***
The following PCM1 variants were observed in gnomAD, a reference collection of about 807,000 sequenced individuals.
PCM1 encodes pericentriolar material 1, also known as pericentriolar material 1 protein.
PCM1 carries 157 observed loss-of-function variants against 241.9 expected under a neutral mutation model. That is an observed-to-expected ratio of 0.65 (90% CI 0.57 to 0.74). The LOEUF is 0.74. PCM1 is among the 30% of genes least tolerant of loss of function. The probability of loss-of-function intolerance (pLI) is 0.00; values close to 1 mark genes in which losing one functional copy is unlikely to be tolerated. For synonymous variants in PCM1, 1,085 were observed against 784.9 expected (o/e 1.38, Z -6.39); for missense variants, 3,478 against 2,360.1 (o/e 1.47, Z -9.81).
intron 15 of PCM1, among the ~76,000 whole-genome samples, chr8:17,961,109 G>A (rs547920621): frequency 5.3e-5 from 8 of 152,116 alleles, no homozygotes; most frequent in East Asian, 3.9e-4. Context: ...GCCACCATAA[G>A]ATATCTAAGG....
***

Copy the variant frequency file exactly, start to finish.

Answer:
The following PCM1 variants were observed in gnomAD, a reference collection of about 807,000 sequenced individuals.
PCM1 encodes pericentriolar material 1, also known as pericentriolar material 1 protein.
PCM1 carries 157 observed loss-of-function variants against 241.9 expected under a neutral mutation model. That is an observed-to-expected ratio of 0.65 (90% CI 0.57 to 0.74). The LOEUF is 0.74. PCM1 is among the 30% of genes least tolerant of loss of function. The probability of loss-of-function intolerance (pLI) is 0.00; values close to 1 mark genes in which losing one functional copy is unlikely to be tolerated. For synonymous variants in PCM1, 1,085 were observed against 784.9 expected (o/e 1.38, Z -6.39); for missense variants, 3,478 against 2,360.1 (o/e 1.47, Z -9.81).
intron 15 of PCM1, among the ~76,000 whole-genome samples, chr8:17,961,109 G>A (rs547920621): frequency 5.3e-5 from 8 of 152,116 alleles, no homozygotes; most frequent in East Asian, 3.9e-4. Context: ...GCCACCATAA[G>A]ATATCTAAGG....